Posted by: DHE Rwanda | August 24, 2011

The Banda Chronicles, Vol. 4: In Which Mike Explains the Current State of Affairs

No photos yet, but the full turbine set up has been mounted in the turbine house at Nyiragasigo (the Ben Koons turbine site) and spins when you spray water on it. That may not sound like much, but muzungus (all 5 of us) were careening through the streets with tears streaming down our faces.

We’ve had to chip out a big hole in the wall of the turbine house to align the penstock (pipe going down the hill to the turbine) exactly forty-five degrees with the nozzle that shoots the high velocity jet of water on the turbine. Also in one phase of testing a t-shirt was used to plug the top of the penstock so we could work in the turbine house sans water spraying everywhere, the t-shirt was sucked down through the pipe, got stuck near the nozzle, and exploded a PVC elbow due to water hammer (high pressure water). No one was hurt and sopping wet laughs were shared by all.

Electrically, we’ve been struggling with trying to fix the Morningstar Tristar solar charge controllers that the 2008 team put in. The solar charge controllers are a hardy and ingenious device that work great for hydro, but there’s three “voltage suppressors” that keep blowing up inside and its anyone’s guess (including Morningstar) as to why. With a well thought out system, rigorous testing, and desperate international phone calls made to our advisors we hope to understand the issue and start charging batteries for people soon.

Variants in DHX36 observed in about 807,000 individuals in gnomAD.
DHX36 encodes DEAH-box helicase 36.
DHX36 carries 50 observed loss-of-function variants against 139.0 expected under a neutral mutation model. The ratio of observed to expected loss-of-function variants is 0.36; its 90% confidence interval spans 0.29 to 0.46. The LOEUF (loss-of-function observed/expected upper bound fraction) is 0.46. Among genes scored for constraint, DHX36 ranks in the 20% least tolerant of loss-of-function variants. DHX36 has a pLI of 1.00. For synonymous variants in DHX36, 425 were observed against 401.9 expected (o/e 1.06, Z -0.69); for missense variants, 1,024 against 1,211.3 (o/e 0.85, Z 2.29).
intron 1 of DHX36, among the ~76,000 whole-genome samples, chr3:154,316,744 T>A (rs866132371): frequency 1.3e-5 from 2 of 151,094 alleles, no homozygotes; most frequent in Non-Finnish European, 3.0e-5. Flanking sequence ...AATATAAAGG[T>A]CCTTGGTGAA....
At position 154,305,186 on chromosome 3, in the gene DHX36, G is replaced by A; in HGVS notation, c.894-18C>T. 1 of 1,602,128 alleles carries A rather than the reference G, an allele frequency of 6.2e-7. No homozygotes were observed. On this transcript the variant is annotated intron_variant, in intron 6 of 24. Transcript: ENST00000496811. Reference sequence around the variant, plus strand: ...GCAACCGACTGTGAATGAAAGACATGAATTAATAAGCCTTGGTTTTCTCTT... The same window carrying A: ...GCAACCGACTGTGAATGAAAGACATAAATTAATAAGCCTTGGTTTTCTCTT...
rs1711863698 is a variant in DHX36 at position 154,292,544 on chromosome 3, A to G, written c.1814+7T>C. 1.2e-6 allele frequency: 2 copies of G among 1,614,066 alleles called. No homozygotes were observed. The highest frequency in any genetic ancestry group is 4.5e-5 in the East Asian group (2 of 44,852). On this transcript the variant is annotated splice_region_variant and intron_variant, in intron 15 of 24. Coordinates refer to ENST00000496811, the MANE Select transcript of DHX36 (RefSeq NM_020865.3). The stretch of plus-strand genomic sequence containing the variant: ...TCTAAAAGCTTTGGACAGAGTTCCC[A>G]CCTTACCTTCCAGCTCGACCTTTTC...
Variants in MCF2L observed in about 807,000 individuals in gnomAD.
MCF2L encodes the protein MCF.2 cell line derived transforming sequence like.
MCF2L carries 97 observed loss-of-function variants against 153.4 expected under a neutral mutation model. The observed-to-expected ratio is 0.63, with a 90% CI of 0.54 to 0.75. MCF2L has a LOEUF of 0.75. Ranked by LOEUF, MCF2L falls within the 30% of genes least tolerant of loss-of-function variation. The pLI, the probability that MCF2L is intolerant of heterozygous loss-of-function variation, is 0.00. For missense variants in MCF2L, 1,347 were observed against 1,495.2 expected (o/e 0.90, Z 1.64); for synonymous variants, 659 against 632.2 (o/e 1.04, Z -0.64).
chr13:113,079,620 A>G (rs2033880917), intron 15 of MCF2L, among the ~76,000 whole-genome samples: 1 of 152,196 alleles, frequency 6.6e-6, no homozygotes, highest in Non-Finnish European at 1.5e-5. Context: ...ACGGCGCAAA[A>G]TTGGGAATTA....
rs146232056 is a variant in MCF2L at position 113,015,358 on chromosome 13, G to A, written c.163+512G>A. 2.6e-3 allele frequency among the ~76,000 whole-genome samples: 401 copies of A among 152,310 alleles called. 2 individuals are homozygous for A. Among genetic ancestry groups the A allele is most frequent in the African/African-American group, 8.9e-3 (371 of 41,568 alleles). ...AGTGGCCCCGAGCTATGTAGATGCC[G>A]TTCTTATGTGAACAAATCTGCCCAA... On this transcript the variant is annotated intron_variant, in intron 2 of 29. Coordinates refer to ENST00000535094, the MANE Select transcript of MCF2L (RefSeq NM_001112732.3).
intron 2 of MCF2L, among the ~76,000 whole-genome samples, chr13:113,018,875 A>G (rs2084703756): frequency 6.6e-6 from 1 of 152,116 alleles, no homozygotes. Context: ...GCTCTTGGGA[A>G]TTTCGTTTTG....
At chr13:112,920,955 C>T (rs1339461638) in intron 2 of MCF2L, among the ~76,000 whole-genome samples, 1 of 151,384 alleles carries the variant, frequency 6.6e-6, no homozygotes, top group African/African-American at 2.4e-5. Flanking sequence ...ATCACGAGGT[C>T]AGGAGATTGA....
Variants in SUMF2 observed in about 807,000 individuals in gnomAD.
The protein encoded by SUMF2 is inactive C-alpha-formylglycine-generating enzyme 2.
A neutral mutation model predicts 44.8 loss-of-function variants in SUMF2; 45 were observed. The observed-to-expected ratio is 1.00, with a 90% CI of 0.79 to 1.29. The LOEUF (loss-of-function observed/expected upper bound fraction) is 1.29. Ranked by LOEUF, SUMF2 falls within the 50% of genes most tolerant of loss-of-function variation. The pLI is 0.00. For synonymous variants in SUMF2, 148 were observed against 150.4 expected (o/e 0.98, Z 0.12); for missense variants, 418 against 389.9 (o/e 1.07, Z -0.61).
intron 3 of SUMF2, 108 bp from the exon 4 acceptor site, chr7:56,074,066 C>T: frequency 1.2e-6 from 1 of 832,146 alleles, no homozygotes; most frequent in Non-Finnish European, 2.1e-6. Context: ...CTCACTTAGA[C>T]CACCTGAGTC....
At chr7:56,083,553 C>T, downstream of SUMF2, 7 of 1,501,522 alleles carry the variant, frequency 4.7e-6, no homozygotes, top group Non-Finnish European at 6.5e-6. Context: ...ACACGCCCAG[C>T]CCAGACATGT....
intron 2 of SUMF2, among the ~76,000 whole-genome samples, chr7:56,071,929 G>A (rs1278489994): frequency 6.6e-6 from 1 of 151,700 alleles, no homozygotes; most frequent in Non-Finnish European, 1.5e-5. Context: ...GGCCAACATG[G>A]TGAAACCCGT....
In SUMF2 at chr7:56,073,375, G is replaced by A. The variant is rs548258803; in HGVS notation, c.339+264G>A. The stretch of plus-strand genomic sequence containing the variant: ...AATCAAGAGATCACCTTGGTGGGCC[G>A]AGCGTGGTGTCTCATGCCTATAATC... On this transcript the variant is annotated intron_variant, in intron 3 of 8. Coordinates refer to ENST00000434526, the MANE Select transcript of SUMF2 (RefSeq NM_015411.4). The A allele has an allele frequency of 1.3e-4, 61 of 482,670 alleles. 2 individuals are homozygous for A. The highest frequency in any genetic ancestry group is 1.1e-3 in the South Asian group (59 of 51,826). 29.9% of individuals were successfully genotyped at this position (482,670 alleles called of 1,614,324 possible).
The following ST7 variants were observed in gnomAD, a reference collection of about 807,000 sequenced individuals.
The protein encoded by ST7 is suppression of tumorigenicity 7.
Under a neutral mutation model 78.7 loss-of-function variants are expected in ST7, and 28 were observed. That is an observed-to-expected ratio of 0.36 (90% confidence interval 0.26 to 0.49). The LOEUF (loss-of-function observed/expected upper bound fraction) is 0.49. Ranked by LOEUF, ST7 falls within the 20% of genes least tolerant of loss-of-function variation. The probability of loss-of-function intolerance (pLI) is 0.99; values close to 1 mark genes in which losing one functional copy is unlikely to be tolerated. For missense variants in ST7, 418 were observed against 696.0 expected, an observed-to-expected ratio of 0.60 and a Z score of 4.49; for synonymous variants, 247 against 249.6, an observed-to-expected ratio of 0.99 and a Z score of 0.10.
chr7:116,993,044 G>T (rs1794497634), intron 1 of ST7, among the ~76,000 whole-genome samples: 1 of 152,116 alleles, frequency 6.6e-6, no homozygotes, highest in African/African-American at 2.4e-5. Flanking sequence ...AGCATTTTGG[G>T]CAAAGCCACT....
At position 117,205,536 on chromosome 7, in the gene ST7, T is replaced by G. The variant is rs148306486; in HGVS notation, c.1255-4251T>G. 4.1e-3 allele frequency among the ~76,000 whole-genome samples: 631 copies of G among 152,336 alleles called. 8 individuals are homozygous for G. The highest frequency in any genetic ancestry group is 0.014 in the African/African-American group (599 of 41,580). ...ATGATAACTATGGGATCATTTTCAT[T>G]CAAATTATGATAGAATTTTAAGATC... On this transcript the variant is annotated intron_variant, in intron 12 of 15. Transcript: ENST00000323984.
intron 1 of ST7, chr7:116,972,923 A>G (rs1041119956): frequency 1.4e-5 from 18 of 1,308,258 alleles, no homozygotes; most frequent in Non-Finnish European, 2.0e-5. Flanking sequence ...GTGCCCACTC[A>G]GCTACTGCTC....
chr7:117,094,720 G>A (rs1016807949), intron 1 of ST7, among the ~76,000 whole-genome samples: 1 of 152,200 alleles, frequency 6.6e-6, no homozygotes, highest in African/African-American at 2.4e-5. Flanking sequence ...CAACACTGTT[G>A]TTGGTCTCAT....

Meanwhile we’re continuing the micro-grid survey and feasibility study, and there are those of us who see this as a fantastic and sustainable piece of engineering that could really set Banda up for meaningful development in the coming years. The town just won’t be able to meet its goals of building a maternity ward, library/computer lab, and eco-lodge without it. The village is extremely excited by the idea of wires bringing electricity to their shops and homes, and are insistent that they can pay for it and provide the manual labor. Occasionally Bandans remind us that the 2008 team’s hydro sites brought Banda out of the stone age – it’s not hard to imagine affordable, accessible, and plentiful energy bringing Banda right up to the new millennium.

Hydraulically yours,

Mike

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